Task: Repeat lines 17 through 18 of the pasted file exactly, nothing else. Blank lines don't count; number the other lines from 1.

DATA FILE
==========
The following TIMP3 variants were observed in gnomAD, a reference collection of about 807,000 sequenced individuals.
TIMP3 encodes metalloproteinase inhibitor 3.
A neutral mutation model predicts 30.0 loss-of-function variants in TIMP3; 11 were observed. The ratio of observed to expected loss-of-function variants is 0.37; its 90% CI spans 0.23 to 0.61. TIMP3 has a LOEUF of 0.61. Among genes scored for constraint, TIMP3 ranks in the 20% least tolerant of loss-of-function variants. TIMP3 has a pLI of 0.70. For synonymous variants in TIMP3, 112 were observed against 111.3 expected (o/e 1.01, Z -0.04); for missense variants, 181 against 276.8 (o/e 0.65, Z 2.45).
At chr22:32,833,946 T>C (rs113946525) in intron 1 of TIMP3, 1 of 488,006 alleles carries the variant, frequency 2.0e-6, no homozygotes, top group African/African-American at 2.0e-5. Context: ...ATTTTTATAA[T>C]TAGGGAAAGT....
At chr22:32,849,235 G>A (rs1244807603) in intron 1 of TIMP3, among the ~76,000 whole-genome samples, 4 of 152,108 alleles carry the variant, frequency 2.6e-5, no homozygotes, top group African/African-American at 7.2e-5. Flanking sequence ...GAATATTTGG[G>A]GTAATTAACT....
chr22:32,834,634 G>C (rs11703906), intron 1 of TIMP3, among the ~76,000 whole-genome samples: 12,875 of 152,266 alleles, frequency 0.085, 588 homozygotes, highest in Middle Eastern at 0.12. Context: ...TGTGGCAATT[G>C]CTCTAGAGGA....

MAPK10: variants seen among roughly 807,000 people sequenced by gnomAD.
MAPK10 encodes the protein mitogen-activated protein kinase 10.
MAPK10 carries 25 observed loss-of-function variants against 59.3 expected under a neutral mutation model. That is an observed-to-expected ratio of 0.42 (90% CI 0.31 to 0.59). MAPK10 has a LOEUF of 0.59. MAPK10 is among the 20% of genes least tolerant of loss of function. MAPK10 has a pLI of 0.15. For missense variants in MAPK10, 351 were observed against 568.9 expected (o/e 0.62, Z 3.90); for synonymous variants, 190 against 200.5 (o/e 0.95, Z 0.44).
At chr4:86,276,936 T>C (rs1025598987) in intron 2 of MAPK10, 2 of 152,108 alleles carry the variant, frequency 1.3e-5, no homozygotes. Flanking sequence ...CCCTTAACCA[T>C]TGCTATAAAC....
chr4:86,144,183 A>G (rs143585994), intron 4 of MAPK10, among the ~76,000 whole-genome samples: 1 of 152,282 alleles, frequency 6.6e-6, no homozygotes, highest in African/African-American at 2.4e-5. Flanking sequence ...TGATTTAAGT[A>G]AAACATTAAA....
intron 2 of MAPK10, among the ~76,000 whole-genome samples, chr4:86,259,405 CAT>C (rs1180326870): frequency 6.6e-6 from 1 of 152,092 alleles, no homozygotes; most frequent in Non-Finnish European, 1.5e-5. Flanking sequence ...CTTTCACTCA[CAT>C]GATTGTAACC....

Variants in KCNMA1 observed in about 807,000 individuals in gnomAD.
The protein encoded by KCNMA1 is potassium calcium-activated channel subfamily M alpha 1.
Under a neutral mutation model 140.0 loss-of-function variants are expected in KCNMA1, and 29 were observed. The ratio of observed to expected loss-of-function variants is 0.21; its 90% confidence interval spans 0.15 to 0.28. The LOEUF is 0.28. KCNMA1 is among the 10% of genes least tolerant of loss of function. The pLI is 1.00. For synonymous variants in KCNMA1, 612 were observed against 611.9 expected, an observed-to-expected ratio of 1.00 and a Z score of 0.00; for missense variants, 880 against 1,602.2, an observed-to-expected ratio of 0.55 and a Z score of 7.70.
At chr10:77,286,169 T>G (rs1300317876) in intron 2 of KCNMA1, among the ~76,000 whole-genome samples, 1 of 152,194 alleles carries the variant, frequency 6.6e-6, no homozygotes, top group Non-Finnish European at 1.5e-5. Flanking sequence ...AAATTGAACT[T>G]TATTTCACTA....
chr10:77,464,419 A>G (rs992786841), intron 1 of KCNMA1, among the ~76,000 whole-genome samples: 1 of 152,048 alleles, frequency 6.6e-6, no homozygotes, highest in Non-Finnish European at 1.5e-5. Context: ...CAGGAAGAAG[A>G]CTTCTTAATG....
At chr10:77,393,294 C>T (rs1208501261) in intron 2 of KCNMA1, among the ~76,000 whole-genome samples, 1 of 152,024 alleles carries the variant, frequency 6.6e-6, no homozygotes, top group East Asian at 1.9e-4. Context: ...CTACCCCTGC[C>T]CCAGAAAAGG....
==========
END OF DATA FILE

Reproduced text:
chr10:77,464,419 A>G (rs992786841), intron 1 of KCNMA1, among the ~76,000 whole-genome samples: 1 of 152,048 alleles, frequency 6.6e-6, no homozygotes, highest in Non-Finnish European at 1.5e-5. Context: ...CAGGAAGAAG[A>G]CTTCTTAATG....
At chr10:77,393,294 C>T (rs1208501261) in intron 2 of KCNMA1, among the ~76,000 whole-genome samples, 1 of 152,024 alleles carries the variant, frequency 6.6e-6, no homozygotes, top group East Asian at 1.9e-4. Context: ...CTACCCCTGC[C>T]CCAGAAAAGG....